1. ## Fixed point property.

I'm trying to find if the following has the fixed point property:

$S= \{ (x,y) \, : \, x^2+y^2=1 \}$

Is it enough to show:

Let $f \, : S \rightarrow S$

$0^2 + (-1)^2=1 \,$ so $(0,-1)$ belongs to $S$ but $f(0,-1) = (0,1)$

Thus, $S$ does not have the fixed point property.

2. Not sure I understand. Typically, you think of a function as having the fixed point property. What is your function f from S to S?

3. Originally Posted by MathSucker
I'm trying to find if the following has the fixed point property:

$S= \{ (x,y) \, : \, x^2+y^2=1 \}$

Is it enough to show:

Let $f \, : S \rightarrow S$

$0^2 + (-1)^2=1 \,$ so $(0,-1)$ belongs to $S$ but $f(0,-1) = (0,1)$

Thus, $S$ does not have the fixed point property.
What's your mapping? What about $e^{i\theta}\mapsto e^{i\theta+\frac{\pi}{2}}$ this is evidently continuous and doesn't have a fixed point.

4. Originally Posted by Ackbeet
Not sure I understand. Typically, you think of a function as having the fixed point property. What is your function f from S to S?
Ackbeet, generally a structure $X$ is said to have the 'fixed point property' if every morphism $X\to X$ has a fixed point.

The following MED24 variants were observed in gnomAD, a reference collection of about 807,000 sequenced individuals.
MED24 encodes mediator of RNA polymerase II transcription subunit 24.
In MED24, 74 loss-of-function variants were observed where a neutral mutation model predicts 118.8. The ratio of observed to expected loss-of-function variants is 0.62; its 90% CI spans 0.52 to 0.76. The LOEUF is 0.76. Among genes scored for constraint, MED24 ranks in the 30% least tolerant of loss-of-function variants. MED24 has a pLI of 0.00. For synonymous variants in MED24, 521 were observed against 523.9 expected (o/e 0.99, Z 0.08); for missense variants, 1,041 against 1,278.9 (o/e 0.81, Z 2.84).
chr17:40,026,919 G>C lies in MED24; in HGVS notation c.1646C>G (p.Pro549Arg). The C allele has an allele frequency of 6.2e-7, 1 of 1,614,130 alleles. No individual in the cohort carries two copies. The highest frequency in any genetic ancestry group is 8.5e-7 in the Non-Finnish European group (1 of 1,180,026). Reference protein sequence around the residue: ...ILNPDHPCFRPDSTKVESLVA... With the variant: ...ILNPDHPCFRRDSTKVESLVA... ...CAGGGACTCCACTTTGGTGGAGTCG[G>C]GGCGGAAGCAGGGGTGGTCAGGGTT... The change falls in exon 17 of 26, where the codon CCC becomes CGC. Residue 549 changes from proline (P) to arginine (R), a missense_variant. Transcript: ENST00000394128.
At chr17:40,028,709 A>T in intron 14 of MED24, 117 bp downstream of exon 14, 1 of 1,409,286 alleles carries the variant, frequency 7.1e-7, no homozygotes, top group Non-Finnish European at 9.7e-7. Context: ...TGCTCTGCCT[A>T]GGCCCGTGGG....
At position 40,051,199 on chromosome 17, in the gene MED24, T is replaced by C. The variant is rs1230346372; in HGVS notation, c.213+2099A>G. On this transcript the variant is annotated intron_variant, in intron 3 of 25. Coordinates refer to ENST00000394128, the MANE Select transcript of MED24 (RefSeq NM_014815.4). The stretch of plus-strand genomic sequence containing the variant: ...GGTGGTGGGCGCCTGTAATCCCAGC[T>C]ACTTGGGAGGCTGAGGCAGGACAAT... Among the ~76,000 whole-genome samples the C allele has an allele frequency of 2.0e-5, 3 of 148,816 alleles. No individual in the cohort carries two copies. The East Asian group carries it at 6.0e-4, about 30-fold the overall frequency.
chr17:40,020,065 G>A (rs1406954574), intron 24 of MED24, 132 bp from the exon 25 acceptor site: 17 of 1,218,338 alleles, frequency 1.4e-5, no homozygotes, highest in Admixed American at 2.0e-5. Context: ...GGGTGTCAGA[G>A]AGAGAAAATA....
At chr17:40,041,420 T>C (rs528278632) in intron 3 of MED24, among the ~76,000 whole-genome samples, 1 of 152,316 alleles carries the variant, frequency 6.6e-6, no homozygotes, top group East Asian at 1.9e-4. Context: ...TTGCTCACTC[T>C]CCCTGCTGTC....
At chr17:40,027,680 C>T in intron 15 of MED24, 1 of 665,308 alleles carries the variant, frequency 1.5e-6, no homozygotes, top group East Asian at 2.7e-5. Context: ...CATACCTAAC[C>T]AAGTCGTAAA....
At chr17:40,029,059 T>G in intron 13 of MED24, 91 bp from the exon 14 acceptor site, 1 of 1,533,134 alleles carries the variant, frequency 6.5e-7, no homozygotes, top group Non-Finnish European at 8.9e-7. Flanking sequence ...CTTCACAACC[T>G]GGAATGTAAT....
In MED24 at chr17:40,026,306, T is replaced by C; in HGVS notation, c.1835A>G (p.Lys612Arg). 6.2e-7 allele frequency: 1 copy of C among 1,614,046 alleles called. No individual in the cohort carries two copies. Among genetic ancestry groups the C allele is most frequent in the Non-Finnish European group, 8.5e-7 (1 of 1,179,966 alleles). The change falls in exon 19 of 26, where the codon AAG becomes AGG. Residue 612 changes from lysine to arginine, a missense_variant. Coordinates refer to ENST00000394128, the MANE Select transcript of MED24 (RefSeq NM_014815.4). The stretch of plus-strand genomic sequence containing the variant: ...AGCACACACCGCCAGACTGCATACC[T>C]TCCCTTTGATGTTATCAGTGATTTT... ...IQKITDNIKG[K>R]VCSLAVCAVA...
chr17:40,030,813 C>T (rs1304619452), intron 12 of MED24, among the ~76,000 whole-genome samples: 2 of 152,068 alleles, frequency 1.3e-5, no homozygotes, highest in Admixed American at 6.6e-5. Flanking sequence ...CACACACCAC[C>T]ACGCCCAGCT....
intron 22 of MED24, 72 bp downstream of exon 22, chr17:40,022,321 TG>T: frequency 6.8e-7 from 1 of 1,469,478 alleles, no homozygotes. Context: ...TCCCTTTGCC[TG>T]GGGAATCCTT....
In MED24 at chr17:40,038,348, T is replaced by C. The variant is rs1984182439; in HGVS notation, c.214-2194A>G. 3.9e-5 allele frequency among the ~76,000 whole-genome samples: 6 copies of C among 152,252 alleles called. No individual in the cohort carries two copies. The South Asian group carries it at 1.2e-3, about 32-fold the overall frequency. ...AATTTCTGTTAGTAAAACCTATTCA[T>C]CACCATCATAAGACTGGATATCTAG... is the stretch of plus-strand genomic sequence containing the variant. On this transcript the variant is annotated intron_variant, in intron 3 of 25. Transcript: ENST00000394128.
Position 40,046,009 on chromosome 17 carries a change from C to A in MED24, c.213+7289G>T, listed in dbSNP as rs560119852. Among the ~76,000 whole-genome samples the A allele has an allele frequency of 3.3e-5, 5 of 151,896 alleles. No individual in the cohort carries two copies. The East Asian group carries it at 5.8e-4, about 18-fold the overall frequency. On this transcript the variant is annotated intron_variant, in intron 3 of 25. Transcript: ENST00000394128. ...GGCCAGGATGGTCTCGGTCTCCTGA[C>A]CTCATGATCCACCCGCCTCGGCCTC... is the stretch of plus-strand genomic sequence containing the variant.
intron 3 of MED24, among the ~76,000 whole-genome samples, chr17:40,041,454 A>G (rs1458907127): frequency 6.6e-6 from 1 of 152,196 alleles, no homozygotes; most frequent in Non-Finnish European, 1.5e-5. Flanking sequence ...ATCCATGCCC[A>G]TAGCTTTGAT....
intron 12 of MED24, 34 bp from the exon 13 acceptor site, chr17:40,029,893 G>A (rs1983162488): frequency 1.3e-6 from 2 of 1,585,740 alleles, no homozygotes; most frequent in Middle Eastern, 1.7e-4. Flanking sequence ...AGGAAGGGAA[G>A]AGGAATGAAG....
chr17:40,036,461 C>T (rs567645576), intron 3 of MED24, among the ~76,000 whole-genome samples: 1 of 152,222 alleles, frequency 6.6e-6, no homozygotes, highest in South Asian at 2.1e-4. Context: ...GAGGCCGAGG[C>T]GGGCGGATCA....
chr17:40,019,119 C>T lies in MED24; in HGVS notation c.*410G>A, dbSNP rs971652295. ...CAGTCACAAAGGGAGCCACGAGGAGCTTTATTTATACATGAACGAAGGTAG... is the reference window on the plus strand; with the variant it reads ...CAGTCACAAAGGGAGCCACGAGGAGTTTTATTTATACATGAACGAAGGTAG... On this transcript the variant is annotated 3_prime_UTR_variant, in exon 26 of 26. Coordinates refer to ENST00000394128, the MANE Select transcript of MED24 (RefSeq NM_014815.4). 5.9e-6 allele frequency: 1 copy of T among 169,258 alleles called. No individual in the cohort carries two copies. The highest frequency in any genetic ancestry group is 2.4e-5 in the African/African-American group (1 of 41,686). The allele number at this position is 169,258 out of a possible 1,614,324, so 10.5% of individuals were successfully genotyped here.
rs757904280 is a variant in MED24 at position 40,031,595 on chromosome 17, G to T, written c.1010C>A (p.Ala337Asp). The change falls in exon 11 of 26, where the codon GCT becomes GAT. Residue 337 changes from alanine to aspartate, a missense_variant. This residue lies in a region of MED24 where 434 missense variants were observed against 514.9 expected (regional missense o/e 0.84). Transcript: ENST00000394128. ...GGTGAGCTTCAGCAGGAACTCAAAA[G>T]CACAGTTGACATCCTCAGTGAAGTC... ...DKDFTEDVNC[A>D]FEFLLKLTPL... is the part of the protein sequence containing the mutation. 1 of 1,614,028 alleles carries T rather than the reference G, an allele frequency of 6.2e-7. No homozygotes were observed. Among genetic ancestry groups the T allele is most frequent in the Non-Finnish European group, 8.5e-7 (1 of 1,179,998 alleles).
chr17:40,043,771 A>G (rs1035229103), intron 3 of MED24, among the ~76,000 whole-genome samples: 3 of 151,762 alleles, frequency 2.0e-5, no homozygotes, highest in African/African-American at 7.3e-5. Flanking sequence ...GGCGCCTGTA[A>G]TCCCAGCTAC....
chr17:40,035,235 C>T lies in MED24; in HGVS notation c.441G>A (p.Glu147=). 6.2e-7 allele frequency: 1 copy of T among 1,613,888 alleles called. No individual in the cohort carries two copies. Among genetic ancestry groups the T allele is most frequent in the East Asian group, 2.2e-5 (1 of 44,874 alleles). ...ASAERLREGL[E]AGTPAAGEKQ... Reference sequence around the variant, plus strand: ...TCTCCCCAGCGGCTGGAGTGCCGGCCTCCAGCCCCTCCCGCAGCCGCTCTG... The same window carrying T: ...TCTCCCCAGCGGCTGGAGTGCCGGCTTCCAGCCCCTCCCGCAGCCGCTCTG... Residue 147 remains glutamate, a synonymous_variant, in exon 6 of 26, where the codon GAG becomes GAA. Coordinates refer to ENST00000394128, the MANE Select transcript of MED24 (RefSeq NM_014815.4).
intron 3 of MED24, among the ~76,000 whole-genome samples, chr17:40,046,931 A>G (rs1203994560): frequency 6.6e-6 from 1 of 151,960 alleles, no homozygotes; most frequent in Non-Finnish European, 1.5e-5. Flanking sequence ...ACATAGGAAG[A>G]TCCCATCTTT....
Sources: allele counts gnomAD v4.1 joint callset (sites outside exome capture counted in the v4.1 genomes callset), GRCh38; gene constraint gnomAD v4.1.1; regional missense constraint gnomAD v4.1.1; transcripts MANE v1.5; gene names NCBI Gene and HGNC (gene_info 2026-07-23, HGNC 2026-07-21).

5. Originally Posted by Drexel28
What's your mapping? What about $e^{i\theta}\mapsto e^{i\theta+\frac{\pi}{2}}$ this is evidently continuous and doesn't have a fixed point.
Okay, forget the second part. I was just trying to find out if and why/why not $S$ had the fixed point property...

6. Originally Posted by Drexel28
Ackbeet, generally a structure $X$ is said to have the 'fixed point property' if every morphism $X\to X$ has a fixed point.
then this would depend on the structure imposed on S. for example, if one is regarding S as a topological group, then sure, because then (1,0) has to be a fixed point. but if one is just regarding S as a topological space, then no, we can pick any rotation by an angle that is not an integral multiple of $2\pi$

7. Originally Posted by Deveno
then this would depend on the structure imposed on S. for example, if one is regarding S as a topological group, then sure, because then (1,0) has to be a fixed point. but if one is just regarding S as a topological space, then no, we can pick any rotation by an angle that is not an integral multiple of $2\pi$
Thank you, I am aware of this. But I think it's clear from the OPs question that we are talking about top. spaces and not top. groups.

8. Now that I look at it again, the question has it as $S^1$

Does that change things?

9. Originally Posted by MathSucker
Now that I look at it again, the question has it as $S^1$

Does that change things?
Now, $\mathbb{S}^1$ is just the unit circle and any rotation by $0<\theta<2\pi$ is a continuous map without a fixed point.